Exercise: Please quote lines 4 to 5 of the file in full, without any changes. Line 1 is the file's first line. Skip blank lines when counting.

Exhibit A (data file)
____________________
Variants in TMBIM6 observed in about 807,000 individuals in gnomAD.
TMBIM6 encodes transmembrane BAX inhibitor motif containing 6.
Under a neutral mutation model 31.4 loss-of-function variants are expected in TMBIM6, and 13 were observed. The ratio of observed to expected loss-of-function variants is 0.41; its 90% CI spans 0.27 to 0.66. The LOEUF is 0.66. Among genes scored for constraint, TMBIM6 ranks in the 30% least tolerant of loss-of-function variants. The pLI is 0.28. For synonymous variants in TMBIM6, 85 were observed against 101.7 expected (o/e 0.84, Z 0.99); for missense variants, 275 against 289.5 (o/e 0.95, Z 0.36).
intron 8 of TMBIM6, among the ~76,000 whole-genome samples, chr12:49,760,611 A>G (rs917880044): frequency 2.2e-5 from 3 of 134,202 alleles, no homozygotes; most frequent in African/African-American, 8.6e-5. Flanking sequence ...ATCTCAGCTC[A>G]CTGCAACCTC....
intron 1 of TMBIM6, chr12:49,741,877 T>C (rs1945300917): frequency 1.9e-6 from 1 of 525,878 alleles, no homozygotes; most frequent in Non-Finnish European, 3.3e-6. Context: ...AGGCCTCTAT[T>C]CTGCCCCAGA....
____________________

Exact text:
intron 8 of TMBIM6, among the ~76,000 whole-genome samples, chr12:49,760,611 A>G (rs917880044): frequency 2.2e-5 from 3 of 134,202 alleles, no homozygotes; most frequent in African/African-American, 8.6e-5. Flanking sequence ...ATCTCAGCTC[A>G]CTGCAACCTC....
intron 1 of TMBIM6, chr12:49,741,877 T>C (rs1945300917): frequency 1.9e-6 from 1 of 525,878 alleles, no homozygotes; most frequent in Non-Finnish European, 3.3e-6. Context: ...AGGCCTCTAT[T>C]CTGCCCCAGA....